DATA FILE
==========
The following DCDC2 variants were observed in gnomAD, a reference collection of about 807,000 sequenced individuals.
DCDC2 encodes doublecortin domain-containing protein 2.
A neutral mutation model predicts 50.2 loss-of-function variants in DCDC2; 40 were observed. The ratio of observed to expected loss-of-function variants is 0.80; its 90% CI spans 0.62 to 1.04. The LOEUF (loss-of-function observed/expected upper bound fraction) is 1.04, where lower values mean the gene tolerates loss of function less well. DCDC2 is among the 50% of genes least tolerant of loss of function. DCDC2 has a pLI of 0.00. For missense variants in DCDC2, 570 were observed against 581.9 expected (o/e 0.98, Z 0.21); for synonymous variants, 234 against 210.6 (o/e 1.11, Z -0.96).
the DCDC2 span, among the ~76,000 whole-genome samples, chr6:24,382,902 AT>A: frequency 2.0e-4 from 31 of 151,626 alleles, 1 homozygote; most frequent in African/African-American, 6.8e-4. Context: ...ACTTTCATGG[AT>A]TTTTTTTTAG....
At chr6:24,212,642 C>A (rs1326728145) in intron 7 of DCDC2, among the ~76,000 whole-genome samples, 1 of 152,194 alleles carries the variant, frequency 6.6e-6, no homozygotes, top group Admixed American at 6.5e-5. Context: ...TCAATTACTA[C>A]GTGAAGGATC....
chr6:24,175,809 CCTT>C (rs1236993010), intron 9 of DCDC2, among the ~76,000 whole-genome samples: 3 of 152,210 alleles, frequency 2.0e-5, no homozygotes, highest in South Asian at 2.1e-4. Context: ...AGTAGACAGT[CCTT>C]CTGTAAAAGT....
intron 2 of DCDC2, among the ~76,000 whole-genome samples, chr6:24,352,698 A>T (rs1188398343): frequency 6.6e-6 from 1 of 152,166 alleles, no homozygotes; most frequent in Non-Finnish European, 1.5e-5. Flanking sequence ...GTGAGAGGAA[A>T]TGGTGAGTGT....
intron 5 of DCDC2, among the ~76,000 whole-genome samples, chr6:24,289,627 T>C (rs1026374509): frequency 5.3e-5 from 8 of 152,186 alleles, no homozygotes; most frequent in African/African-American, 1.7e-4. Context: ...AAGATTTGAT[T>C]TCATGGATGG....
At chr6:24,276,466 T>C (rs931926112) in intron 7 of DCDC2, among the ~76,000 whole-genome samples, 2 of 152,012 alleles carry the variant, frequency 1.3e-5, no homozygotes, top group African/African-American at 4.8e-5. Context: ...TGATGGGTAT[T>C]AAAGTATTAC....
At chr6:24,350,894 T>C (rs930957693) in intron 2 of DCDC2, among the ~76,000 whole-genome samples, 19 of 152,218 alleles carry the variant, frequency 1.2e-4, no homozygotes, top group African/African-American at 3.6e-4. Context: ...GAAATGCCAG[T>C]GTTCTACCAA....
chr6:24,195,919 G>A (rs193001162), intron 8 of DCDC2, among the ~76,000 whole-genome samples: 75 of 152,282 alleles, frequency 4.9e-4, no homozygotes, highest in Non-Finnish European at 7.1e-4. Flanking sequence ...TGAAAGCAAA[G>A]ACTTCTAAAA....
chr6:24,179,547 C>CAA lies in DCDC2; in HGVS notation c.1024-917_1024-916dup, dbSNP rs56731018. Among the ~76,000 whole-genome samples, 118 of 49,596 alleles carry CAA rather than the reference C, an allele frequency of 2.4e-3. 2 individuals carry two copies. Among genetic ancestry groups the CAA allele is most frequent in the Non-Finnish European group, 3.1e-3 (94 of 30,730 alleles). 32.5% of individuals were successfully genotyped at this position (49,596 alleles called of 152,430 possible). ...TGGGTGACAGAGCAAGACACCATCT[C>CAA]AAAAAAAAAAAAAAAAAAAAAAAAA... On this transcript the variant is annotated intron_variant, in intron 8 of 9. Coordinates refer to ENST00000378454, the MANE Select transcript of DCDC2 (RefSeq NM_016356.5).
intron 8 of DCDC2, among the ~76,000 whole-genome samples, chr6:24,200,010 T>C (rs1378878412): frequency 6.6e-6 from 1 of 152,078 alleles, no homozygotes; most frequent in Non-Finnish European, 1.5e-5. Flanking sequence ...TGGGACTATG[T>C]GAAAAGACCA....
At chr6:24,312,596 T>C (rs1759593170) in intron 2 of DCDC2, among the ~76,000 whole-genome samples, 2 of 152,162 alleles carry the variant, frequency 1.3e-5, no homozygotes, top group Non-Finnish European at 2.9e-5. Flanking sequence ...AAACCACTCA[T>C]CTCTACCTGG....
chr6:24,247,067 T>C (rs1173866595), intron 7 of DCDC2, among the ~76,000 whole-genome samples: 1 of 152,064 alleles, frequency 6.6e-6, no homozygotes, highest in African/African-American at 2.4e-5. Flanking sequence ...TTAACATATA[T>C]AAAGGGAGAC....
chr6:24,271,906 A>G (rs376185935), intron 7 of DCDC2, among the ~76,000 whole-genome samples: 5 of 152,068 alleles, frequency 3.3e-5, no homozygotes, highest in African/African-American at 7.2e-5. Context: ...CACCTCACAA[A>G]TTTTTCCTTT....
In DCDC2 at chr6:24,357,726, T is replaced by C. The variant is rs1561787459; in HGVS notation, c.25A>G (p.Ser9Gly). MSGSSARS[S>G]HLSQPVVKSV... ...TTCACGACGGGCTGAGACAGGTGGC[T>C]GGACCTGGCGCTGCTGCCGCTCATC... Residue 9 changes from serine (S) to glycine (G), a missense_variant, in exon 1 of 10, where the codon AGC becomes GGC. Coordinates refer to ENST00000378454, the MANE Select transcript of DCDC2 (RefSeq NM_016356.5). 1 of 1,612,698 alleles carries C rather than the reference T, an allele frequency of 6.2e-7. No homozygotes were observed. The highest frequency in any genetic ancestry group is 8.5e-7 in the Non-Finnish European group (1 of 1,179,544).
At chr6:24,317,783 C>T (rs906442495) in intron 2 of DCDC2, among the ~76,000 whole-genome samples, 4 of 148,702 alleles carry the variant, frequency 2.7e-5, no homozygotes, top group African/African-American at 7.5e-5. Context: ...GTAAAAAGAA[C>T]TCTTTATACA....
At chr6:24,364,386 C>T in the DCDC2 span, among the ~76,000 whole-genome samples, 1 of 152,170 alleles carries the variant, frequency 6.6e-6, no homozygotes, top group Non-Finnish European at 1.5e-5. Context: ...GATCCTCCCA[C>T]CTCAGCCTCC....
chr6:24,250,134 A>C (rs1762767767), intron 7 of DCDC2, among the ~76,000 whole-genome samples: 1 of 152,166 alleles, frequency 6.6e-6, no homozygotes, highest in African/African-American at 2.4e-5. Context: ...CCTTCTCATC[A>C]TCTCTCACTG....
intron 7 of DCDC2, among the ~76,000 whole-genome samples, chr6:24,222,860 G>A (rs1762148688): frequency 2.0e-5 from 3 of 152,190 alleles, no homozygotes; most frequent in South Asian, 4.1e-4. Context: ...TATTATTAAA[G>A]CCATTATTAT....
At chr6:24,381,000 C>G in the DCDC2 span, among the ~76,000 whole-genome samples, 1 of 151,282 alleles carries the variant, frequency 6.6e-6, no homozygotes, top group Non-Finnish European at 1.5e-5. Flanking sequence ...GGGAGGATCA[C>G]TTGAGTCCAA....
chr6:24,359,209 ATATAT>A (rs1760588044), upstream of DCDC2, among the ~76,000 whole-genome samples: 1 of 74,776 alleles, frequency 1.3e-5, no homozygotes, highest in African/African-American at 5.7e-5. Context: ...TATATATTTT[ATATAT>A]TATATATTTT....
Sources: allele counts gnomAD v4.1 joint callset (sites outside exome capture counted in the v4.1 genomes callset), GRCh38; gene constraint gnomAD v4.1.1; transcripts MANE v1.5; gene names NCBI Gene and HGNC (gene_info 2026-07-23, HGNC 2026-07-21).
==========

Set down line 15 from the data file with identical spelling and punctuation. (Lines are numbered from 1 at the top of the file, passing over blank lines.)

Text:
chr6:24,247,067 T>C (rs1173866595), intron 7 of DCDC2, among the ~76,000 whole-genome samples: 1 of 152,064 alleles, frequency 6.6e-6, no homozygotes, highest in African/African-American at 2.4e-5. Flanking sequence ...TTAACATATA[T>C]AAAGGGAGAC....